Yes, it's still important to watch your sodium intake
It's the first piece of advice given to nearly everyone diagnosed with high blood pressure: cut back on your salt. If you're over a certain age, you've almost certainly heard that speech already (and probably more than once).
Reducing sodium intake helps about 10 percent of people with high blood pressure. It works much better if you reduce your sodium intake while increasing your potassium intake (especially from fruits and vegetables).
Now, lately, I've seen both mainstream and natural health doctors back away from that advice. I've seen them claim that maybe you don't need to worry so much about your salt intake.
One new study making headlines, for example, claims the "right" amount of salt is somewhere 2,645 mg and 4,945 mg of salt a day -- which is where most people fall these days anyway (even though it's well above the established guidelines).
This study from the Cochrane Collaboration says falling below that level -- getting the lower levels recommend by guidelines -- can actually increase your risk of health problems.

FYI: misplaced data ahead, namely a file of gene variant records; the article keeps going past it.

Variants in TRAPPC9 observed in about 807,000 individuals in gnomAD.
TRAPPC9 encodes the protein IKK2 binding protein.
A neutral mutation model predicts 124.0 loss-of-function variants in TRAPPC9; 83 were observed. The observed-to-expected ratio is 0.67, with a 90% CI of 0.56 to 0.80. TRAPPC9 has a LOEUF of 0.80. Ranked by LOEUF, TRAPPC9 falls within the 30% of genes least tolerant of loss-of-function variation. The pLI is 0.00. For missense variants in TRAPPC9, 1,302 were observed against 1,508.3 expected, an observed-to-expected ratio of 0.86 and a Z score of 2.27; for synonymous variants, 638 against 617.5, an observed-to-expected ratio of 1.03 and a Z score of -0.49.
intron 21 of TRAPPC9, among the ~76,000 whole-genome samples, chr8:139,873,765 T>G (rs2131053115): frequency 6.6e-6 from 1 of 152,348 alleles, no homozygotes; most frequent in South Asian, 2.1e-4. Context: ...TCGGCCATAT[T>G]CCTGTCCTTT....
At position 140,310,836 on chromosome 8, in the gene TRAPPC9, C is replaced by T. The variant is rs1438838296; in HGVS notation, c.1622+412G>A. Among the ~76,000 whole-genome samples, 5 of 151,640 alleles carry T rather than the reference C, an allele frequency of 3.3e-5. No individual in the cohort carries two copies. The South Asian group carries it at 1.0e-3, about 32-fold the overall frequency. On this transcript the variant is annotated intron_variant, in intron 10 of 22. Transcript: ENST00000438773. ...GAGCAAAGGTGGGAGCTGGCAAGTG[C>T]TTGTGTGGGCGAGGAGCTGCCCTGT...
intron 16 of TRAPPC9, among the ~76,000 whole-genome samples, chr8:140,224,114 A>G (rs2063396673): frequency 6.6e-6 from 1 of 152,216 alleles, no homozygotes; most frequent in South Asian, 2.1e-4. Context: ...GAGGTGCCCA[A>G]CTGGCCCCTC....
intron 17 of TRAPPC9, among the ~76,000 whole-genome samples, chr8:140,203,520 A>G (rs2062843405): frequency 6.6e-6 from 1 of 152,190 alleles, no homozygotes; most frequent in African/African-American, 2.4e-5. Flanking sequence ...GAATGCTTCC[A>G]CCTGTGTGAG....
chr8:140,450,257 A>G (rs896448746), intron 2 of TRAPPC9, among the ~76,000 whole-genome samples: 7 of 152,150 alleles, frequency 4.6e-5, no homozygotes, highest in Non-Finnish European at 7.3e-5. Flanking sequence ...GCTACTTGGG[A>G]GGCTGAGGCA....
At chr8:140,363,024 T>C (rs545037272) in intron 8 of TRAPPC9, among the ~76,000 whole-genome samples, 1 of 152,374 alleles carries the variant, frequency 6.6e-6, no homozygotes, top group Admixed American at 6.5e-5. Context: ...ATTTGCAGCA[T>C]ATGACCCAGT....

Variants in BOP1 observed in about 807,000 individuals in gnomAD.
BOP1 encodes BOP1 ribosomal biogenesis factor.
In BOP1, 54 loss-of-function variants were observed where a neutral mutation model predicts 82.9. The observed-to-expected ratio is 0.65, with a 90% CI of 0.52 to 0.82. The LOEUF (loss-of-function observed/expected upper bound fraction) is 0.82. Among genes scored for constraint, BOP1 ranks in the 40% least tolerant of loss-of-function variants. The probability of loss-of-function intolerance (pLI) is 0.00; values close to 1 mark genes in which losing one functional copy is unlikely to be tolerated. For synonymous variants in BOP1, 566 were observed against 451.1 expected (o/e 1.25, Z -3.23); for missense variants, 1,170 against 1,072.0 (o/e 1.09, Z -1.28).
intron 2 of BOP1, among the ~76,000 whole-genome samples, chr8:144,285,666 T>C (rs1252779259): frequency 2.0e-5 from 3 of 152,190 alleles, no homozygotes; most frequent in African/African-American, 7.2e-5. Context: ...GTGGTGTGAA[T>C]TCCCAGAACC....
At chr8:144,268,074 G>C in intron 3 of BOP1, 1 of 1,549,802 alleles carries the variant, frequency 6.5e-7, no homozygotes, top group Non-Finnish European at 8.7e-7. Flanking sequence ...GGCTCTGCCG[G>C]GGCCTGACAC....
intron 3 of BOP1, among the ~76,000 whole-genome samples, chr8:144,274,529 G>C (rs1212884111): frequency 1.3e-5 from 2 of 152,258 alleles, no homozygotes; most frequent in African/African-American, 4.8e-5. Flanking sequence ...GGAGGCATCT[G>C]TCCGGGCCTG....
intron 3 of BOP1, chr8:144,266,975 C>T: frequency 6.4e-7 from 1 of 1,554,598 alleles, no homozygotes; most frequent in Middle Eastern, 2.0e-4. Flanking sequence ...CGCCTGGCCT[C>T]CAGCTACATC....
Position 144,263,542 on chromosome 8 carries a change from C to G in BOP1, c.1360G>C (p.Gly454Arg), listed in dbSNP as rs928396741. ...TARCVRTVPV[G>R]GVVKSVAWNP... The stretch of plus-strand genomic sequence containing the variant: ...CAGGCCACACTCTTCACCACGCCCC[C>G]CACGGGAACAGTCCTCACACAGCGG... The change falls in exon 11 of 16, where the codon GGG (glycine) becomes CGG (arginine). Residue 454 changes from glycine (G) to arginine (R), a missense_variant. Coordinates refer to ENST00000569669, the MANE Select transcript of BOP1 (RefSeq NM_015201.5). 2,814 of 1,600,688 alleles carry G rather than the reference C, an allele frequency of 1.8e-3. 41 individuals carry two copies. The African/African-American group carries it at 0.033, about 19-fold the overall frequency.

But here's the flaw: Most people switch to a low-salt diet only after it's too late -- only when they've suffered a heart attack or heart failure and are under strict doctor's orders to make changes.
In other words, people on a low-salt diet are often unhealthy from the get-go, so of course they have a higher risk of health problems. If they had made the switch sooner (and other healthy lifestyle changes), they almost certainly could have avoided those problems.
Other studies show that salt really does have a major effect on your health. A recent eight-year British study found that reduced salt intake is likely to have contributed to a significant reduction in blood pressure as well as ischemic heart disease (IHD) and stroke mortality.
So my advice is to stick to the tried-and-true, because decades of research shows that limiting your sodium intake will improve your health, especially your heart health.
Choose "low salt" foods in the supermarket and carefully read package labels. Better yet, reduce your intake of processed foods since most of them are loaded with salt (and of course are unhealthy in so many other ways).
Instead, eat freshly prepared foods made from scratch and add a little salt to taste.
You'll use less salt, and your food will taste better, too.